As for DT hoping Think is OK, I sincerely hope that Think is presently suffering the same fate as he has continuously wished on the Falkland Islanders and that someone has ejected him onto the street and stolen his home and possessions. The little shit deserves it in spades.

    Jun 29th, 2017 - 01:03 pm - Link - Report abuse +3
  • DemonTree

    @EB
    Voice got it. TV = The Voice.

    I guess I also have to explain this 15 different ways, so let me try another. We are all playing a game, and the government makes the rules. A person who tries harder and is more skilled will always do better than someone who is merely average, but if we want to improve things for everyone then we must vote to change the rules.

    And before you jump to conclusions, I don't mean by giving handouts. I made some suggestions above but you didn't comment on them.

    I don't want to go back to the past, but although people were much poorer in the 60s, things were generally improving then. In many areas this is no longer the case. Home ownership is falling. People have less wealth at the same age compared to previous generations. More non-graduates are doing insecure and unstable jobs that don't let them plan for the future. Do you want to live in a country that is improving or one that is going backwards?

    Finally I don't see inheriting money as a positive thing. People should make their own way in life, not sit around waiting for an inheritance. I want my generation to be able to earn our own money and create our own wealth, not rely on our parents for financial security. People should save for their own retirement and if they can afford to leave anything to their children it will just be a bonus.

    @TV
    I haven't done either job, but I would try working in a mine before a call centre; those places are soul-destroying.

    “having it better than your parents isn't a rule of nature, it's just fate.”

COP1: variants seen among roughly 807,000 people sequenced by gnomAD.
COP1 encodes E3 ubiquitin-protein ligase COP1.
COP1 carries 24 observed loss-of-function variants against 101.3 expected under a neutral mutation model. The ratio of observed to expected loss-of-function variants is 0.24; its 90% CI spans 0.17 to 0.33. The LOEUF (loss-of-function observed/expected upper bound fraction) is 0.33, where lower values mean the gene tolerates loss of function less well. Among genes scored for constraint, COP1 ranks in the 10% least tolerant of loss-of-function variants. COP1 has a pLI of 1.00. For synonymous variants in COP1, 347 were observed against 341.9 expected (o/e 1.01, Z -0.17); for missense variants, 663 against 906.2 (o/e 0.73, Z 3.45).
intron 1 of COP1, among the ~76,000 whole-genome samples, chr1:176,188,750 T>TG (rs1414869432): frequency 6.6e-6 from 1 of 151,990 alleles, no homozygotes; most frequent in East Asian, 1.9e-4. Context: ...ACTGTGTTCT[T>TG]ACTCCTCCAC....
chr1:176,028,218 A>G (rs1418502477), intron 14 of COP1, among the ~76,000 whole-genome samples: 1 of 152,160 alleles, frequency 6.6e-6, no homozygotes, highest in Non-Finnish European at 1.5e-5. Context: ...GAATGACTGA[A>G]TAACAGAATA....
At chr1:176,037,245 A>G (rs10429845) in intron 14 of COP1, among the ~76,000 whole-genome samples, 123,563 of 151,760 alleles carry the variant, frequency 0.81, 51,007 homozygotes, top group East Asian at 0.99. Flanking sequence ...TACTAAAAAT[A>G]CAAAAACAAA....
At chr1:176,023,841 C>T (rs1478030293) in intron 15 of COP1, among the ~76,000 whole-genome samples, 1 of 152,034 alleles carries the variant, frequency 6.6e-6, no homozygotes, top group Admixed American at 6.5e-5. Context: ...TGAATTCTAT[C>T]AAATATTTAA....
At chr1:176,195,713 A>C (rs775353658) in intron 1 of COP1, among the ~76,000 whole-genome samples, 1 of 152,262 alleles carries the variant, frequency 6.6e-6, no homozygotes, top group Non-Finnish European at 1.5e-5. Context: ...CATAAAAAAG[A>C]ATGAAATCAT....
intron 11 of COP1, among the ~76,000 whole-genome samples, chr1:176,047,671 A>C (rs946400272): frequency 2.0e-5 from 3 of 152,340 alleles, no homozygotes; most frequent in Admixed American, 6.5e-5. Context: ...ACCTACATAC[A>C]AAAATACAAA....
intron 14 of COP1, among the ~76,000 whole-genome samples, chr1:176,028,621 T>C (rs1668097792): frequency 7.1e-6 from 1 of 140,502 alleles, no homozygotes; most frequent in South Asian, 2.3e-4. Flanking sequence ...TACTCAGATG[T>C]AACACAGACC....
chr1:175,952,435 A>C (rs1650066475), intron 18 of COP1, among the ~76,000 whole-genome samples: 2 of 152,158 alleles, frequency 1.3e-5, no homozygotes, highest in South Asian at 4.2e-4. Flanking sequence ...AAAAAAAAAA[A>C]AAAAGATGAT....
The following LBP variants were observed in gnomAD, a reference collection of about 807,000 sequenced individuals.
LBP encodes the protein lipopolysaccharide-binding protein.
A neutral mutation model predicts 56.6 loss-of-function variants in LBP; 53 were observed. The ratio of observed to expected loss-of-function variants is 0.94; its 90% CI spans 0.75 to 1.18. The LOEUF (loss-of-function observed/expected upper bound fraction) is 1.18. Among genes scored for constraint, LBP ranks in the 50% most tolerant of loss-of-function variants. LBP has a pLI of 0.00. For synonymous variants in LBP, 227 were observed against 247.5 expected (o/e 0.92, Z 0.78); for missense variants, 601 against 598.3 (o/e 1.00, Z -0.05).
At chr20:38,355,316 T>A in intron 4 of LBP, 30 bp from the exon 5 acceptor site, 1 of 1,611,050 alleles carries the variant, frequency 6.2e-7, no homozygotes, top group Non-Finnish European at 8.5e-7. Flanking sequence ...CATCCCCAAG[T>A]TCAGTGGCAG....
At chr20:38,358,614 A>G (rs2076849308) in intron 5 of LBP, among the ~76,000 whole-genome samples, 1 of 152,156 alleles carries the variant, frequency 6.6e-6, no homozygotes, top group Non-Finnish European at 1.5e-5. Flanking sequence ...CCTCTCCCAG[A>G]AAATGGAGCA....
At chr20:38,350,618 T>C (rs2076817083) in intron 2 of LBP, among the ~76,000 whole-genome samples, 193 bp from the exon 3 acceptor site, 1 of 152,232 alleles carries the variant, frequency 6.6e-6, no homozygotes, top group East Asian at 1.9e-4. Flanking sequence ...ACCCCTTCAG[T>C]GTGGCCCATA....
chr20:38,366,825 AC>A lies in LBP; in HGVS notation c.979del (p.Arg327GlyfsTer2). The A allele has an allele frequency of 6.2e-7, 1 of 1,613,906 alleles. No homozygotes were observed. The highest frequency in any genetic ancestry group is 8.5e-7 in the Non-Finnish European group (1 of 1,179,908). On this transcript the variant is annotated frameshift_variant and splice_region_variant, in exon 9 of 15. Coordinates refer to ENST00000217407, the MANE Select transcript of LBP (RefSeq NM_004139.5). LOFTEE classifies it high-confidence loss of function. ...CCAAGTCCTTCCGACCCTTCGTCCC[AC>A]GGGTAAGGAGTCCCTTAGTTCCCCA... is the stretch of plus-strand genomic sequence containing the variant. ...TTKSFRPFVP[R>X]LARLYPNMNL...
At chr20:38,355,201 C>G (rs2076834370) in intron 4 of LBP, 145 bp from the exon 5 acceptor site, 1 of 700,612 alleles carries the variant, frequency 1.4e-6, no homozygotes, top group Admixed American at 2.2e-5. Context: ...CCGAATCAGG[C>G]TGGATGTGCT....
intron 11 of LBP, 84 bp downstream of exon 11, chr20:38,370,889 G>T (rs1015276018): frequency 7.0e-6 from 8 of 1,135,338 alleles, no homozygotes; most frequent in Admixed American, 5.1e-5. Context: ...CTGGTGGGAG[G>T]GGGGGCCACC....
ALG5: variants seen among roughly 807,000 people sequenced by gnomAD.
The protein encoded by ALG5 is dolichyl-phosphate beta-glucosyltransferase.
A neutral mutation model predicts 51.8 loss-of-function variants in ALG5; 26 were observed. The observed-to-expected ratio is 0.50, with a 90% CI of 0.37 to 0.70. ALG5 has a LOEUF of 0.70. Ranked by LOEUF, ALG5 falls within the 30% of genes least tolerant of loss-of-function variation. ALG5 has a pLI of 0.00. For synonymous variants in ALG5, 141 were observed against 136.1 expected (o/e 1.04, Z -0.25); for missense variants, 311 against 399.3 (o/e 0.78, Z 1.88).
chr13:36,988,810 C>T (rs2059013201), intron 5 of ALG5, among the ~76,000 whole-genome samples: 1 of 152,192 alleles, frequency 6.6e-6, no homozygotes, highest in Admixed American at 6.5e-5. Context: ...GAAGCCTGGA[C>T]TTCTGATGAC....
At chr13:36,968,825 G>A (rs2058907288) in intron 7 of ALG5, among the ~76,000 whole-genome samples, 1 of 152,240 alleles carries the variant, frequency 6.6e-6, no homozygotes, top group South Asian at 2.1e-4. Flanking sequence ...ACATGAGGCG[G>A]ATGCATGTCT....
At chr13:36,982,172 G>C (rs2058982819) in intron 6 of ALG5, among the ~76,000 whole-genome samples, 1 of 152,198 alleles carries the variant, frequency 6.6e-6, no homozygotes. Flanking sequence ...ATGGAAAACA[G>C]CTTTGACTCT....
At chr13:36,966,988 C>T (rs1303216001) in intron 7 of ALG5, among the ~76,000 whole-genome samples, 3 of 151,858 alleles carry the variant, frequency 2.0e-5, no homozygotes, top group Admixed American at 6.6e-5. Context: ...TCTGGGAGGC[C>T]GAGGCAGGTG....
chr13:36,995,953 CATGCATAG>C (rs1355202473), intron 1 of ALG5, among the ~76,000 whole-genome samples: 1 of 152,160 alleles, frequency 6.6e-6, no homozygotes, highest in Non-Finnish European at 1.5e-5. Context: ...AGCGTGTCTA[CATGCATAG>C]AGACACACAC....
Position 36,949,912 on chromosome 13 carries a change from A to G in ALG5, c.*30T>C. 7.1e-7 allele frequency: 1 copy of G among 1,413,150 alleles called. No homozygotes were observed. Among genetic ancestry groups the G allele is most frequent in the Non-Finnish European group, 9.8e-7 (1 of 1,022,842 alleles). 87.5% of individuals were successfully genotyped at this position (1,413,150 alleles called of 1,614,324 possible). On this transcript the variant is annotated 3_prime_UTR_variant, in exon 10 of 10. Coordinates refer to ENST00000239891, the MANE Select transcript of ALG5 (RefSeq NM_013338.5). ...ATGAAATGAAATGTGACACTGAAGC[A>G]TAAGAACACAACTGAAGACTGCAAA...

No, it's not a rule of nature, but it's not fate either. It's something we can bring back if we try, but it means changing things in this country.

    Jun 29th, 2017 - 01:15 pm - Link - Report abuse +1
  • The Voice

    Ricky's The Office and Life on the Road portrayed the mundaneness of modern Britain. Lord save as from Lavichem...the fate of so many!

    Jun 29th, 2017 - 01:24 pm - Link - Report abuse +1
  • ElaineB

    @ DT

    If you want to change things get into politics at grass roots, work your way into a place where you can effect change.

    I think you are very mistaken in your opinion that it was easier for the last generation. You are forgetting they had to work hard to pay those mortgages. And you don't even touch on the fact that at times interest rates were 15% or when the property crash left tens of thousands of homes in default and repossession. More were in negative equity. The idea that it was easy is lazy thinking.

    If you think people were poor in the 60's then look at the 70's when socialist politics brought the country to its knees. Mass unemployment, three day working weeks, rolling blackouts, shortages of essential items and we were borrowing from the IMF. Look at the eighties with high interest rates and the property crash. That people navigated and worked through that struggle to hold onto some equity was hardly easy.

    As I said before, a large section of this generation has a problem with towering entitlement and no very little work ethic.

    You have a brain and a degree, so every advantage. It is down to you to use it if you want all the trappings of what you see as a successful life. Work two or three jobs for a few years because many people of the last generation did that.

    Jun 29th, 2017 - 03:38 pm - Link - Report abuse +2
  • DemonTree

    @EB
    “If you want to change things get into politics at grass roots, work your way into a place where you can effect change.”

    You are right, I have been thinking about doing so, although I'm not sure how useful I would be.

    “I think you are very mistaken in your opinion that it was easier for the last generation.”

    Then how do you explain the fact that the wealth of people in their 30's has halved in only 10 years?

    Also, you never did tell me what Corbyn was going to give me for nothing. The truth is that the policies I am advocating would not benefit me, but I believe they would be good for society as a whole.

    Jun 29th, 2017 - 05:26 pm - Link - Report abuse 0
  • ElaineB

    @ DT

    With all due respect I think you need to gain more knowledge before making such a sweeping statement implying the last generation had it easy. They didn't. This generation has incredible opportunities denied to past generations but the unfortunate side effect is that people have unrealistic expectations that everyone will reach their potential.

    You should get into politics. Why wouldn't you be useful? You are talking yourself down before you have even tried. You are obviously passionate about the subject and making a difference and that is qualification enough.

    Jun 30th, 2017 - 08:58 am - Link - Report abuse +1
  • DemonTree

    @EB